This proactive decision by the Chinese government doesn’t come without risks. In fact, looking at the monthly moving-average in the chart that we have outlined below, a reading of 52 puts Chinese PMI on the cusp of a very bad breakdown.


That said, from a risk management perspective, it is critical to note that risk can work both ways. There is equally as probable an event that Chinese PMI recovers from this current reading of 52 as there is that it breaks down.


If it breaks down through this moving average (dotted white line), recent history (Q2 of 2008) doesn’t paint a pretty forward looking picture. If it holds this level of 52 and recovers, to some extent we shouldn’t be surprised – Chinese stocks have been recovering for the better part of the last week and may be the lead indicators there.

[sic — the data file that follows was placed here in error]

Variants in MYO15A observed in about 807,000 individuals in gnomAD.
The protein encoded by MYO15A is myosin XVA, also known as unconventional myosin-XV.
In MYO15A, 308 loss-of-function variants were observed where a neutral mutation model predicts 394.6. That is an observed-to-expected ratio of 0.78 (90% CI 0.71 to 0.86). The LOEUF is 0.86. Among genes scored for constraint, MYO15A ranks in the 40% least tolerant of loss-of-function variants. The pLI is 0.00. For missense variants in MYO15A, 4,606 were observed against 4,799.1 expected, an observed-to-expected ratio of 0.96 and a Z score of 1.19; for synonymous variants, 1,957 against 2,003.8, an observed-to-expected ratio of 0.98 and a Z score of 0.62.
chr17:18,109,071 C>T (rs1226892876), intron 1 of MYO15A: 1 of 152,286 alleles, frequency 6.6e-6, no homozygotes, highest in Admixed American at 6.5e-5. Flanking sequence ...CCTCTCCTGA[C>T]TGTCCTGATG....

We were never calling for a Chinese stock market crash. Rather, we were calling for a correction. Today’s data supports the efficacy of distinguishing the difference between those two outcomes.


With Chinese stocks closing up +1.2% on this Chinese PMI “news”, Mr Macro Market is starting to smell recovery in China – remember, Mr. Macro Market looks forward…


In terms of positioning, we covered our short position in CAF during the week of the Lunar Year holiday. We have not yet moved to the long side of the equity market. We need more data.



Keith R. McCullough
Chief Executive Officer


Charting China's Slowdown  - chpmi


R3: A Sentimental Update


March 1, 2010


We saw the general sentiment for apparel and retail companies improve throughout 2H ’09. Not surprisingly as earnings beats became the norm, the sell-side got incrementally positive on almost every company and short interest receded.  With all of this in the rear-view mirror, we are beginning to see the bifurcation trade developing in 2010.